The DeepSAGE technology is generic, and will work with equal efficiency in all eukaryotes for profiling of both mRNA and miRNA. With some further development we believe it can be used for the profiling of RNA from prokaryotes as well. At AAU we have expertise in tag-based transcriptomics and the development of the custom bioinformatic tools necessary to analyze the data produced. Acquisition of a Solexa 1G genetic analyzer will enable us to conduct much more comprehensive, accurate and statistically sound gene expression profiling at a fraction of the cost (1/50) currently used for gene expression profiling by micro arrays. The throughput of the apparatus is so high that we will be able to run it 3 times a week for 40 weeks annually (equivalent to ca. 40.000 microarray experiments), providing we have enough relevant samples. It is our ambition, upon acquisition of the sequencer, to function as a “national center for tag-based transcriptome analysis” and collaborate with all disciplines across the Life Sciences.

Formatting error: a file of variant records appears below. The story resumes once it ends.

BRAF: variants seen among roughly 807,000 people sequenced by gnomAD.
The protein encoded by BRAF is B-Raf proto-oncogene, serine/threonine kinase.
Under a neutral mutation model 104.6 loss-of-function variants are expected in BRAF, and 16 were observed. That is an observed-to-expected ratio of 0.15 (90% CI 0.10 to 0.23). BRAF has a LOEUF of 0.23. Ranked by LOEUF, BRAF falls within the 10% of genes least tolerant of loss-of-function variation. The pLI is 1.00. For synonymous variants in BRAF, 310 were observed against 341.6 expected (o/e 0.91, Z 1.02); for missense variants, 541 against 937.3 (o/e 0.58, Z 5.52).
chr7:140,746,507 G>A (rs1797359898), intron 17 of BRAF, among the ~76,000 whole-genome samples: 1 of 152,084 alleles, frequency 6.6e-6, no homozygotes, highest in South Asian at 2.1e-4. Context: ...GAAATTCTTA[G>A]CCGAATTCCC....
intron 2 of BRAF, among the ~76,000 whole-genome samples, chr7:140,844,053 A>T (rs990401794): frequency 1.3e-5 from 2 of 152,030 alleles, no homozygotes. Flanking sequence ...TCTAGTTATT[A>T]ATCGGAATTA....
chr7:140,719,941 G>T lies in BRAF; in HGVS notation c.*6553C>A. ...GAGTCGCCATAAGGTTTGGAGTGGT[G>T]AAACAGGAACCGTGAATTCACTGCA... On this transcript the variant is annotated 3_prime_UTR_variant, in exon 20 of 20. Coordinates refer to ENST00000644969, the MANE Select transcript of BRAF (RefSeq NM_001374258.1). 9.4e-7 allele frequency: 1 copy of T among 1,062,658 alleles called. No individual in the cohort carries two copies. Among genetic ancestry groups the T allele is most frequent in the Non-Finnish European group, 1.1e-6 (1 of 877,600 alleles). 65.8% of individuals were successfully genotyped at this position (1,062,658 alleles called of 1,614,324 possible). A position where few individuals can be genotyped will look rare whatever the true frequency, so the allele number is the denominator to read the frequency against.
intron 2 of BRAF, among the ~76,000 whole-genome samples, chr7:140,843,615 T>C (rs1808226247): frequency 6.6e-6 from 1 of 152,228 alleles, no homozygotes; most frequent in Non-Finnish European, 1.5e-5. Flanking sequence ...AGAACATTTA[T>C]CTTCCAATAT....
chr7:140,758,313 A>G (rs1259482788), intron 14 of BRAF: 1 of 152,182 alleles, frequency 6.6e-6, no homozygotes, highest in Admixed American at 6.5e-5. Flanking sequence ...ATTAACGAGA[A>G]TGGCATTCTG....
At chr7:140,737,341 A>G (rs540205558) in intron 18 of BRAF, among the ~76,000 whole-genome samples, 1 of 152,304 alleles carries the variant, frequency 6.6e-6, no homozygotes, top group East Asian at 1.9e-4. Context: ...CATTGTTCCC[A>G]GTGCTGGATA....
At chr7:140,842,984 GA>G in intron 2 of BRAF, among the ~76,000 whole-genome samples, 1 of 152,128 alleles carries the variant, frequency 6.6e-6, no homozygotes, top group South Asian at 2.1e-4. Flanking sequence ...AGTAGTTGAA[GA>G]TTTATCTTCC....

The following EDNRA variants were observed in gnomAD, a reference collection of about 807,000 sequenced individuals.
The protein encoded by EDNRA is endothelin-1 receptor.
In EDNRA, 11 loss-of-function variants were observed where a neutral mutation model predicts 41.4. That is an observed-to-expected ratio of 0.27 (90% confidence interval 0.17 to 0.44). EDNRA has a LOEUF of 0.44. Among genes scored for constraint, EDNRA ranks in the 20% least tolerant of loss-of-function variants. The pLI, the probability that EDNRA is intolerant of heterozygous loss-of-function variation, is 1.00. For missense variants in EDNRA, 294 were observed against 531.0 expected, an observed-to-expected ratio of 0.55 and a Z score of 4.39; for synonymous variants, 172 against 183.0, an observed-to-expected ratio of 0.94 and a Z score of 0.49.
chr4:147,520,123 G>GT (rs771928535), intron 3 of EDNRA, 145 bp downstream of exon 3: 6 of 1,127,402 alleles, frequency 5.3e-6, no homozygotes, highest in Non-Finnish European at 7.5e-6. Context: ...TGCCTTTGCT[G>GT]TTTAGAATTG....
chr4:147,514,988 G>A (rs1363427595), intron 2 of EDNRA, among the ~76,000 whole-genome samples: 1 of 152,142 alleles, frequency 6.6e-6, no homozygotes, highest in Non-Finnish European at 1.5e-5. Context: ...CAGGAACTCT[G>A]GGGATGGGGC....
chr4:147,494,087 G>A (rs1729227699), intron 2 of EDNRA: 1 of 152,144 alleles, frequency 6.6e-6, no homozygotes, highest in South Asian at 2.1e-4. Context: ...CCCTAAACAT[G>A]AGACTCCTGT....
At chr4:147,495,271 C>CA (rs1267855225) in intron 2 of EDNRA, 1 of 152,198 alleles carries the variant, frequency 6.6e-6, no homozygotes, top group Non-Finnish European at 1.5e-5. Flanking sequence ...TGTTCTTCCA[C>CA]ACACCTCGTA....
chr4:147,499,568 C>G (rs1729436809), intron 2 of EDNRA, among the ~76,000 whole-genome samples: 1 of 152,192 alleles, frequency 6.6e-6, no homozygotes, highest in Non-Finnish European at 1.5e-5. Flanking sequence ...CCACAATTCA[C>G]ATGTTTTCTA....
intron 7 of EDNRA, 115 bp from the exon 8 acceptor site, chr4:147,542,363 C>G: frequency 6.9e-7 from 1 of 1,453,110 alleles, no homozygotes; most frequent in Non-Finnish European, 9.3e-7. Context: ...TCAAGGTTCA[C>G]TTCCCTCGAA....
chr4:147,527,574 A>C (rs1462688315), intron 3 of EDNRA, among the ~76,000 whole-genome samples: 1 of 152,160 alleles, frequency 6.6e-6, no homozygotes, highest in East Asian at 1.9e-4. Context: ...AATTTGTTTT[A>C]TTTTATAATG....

Effective start/end date01/01/200831/12/2008